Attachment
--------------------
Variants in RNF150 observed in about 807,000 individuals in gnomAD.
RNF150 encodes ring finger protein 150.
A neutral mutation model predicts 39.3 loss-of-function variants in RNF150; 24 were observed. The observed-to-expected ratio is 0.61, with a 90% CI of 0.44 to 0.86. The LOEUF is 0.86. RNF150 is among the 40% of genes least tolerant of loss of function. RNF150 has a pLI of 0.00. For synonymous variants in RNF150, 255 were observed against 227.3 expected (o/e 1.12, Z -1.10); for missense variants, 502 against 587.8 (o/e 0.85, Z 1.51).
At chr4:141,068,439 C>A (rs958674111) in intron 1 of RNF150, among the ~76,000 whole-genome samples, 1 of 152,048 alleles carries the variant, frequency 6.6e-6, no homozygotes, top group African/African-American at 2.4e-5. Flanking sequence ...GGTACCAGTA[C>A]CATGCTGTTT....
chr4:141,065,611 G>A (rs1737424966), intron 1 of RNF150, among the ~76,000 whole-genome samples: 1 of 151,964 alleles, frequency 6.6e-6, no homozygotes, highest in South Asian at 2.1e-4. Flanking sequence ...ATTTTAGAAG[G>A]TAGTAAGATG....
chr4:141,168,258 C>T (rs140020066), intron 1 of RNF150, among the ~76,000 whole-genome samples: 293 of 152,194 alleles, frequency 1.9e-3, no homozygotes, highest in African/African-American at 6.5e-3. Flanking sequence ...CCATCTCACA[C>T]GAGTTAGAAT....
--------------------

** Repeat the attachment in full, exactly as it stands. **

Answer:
Variants in RNF150 observed in about 807,000 individuals in gnomAD.
RNF150 encodes ring finger protein 150.
A neutral mutation model predicts 39.3 loss-of-function variants in RNF150; 24 were observed. The observed-to-expected ratio is 0.61, with a 90% CI of 0.44 to 0.86. The LOEUF is 0.86. RNF150 is among the 40% of genes least tolerant of loss of function. RNF150 has a pLI of 0.00. For synonymous variants in RNF150, 255 were observed against 227.3 expected (o/e 1.12, Z -1.10); for missense variants, 502 against 587.8 (o/e 0.85, Z 1.51).
At chr4:141,068,439 C>A (rs958674111) in intron 1 of RNF150, among the ~76,000 whole-genome samples, 1 of 152,048 alleles carries the variant, frequency 6.6e-6, no homozygotes, top group African/African-American at 2.4e-5. Flanking sequence ...GGTACCAGTA[C>A]CATGCTGTTT....
chr4:141,065,611 G>A (rs1737424966), intron 1 of RNF150, among the ~76,000 whole-genome samples: 1 of 151,964 alleles, frequency 6.6e-6, no homozygotes, highest in South Asian at 2.1e-4. Flanking sequence ...ATTTTAGAAG[G>A]TAGTAAGATG....
chr4:141,168,258 C>T (rs140020066), intron 1 of RNF150, among the ~76,000 whole-genome samples: 293 of 152,194 alleles, frequency 1.9e-3, no homozygotes, highest in African/African-American at 6.5e-3. Flanking sequence ...CCATCTCACA[C>T]GAGTTAGAAT....